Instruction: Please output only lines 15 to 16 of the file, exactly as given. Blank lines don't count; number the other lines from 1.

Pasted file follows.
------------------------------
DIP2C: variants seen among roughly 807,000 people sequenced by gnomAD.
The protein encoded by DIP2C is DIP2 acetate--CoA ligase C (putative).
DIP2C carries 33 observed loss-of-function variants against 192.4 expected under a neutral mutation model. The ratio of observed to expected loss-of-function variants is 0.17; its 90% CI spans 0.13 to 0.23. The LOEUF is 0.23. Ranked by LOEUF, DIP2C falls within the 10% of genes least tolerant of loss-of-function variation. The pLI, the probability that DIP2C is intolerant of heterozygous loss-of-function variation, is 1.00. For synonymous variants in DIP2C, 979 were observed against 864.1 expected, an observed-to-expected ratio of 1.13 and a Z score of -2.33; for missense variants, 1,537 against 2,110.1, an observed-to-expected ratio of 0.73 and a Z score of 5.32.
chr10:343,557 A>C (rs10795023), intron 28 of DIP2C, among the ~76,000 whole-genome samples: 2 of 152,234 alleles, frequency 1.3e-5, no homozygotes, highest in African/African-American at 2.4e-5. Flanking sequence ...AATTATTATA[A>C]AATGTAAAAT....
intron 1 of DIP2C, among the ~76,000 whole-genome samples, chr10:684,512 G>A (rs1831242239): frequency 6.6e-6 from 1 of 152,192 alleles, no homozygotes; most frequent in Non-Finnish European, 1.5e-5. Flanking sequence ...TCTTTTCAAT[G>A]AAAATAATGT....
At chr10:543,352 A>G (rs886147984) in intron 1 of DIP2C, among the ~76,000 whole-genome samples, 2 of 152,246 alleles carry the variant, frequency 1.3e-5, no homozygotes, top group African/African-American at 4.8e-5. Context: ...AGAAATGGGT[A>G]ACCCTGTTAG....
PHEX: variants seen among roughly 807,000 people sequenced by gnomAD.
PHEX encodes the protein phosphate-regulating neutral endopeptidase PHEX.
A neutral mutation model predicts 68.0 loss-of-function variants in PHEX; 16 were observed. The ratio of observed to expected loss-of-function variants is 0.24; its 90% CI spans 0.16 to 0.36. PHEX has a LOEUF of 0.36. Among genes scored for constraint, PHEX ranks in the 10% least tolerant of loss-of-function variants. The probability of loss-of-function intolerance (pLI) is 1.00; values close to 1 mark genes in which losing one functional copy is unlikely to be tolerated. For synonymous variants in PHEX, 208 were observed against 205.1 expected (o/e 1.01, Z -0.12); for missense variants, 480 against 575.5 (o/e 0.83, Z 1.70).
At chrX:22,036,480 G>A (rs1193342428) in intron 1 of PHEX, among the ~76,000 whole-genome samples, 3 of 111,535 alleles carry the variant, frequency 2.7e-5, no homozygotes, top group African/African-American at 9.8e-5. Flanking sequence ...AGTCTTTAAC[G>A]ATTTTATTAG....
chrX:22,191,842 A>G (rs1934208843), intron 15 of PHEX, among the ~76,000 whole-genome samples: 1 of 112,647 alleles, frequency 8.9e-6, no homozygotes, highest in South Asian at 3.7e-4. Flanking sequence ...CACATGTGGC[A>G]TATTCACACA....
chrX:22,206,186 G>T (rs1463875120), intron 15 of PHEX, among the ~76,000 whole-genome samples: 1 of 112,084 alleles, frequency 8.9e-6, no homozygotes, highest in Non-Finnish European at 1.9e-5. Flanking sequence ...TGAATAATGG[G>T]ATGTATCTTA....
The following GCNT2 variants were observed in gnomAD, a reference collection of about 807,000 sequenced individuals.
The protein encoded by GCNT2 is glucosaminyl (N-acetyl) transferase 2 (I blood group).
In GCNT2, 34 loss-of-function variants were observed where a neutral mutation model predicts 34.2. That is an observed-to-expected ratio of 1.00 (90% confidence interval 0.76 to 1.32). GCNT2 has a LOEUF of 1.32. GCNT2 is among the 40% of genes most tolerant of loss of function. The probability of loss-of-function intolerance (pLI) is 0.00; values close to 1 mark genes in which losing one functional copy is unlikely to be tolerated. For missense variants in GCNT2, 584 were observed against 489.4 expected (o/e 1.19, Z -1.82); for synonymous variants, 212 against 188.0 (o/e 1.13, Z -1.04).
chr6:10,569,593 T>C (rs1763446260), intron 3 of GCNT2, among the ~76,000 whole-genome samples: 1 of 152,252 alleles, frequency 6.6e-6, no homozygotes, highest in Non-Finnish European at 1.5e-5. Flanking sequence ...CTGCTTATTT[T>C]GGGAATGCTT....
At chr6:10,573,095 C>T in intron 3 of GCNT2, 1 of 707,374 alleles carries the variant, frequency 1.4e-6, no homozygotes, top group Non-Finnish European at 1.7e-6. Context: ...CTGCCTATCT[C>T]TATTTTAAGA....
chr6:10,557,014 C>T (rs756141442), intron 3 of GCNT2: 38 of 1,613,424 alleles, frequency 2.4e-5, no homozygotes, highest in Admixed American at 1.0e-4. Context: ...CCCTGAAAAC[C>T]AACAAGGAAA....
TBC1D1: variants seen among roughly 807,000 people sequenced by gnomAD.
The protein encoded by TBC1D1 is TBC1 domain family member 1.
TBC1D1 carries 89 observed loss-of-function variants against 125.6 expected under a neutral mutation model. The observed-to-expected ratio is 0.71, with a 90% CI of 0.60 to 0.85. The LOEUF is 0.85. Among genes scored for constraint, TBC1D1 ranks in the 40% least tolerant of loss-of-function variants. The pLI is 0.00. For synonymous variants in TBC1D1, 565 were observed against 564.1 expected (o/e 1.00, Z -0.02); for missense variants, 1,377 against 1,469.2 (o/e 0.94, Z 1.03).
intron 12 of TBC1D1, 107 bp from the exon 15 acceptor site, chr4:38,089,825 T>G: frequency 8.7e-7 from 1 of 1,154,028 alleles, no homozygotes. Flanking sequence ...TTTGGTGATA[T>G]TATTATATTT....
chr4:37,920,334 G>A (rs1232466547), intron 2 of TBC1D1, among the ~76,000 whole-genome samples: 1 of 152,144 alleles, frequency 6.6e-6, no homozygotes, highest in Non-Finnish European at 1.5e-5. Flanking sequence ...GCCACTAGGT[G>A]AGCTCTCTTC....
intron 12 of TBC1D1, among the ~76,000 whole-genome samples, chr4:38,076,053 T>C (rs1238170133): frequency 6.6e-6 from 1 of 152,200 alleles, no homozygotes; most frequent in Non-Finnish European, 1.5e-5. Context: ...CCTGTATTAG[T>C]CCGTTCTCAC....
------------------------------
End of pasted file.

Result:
In GCNT2, 34 loss-of-function variants were observed where a neutral mutation model predicts 34.2. That is an observed-to-expected ratio of 1.00 (90% confidence interval 0.76 to 1.32). GCNT2 has a LOEUF of 1.32. GCNT2 is among the 40% of genes most tolerant of loss of function. The probability of loss-of-function intolerance (pLI) is 0.00; values close to 1 mark genes in which losing one functional copy is unlikely to be tolerated. For missense variants in GCNT2, 584 were observed against 489.4 expected (o/e 1.19, Z -1.82); for synonymous variants, 212 against 188.0 (o/e 1.13, Z -1.04).
chr6:10,569,593 T>C (rs1763446260), intron 3 of GCNT2, among the ~76,000 whole-genome samples: 1 of 152,252 alleles, frequency 6.6e-6, no homozygotes, highest in Non-Finnish European at 1.5e-5. Flanking sequence ...CTGCTTATTT[T>C]GGGAATGCTT....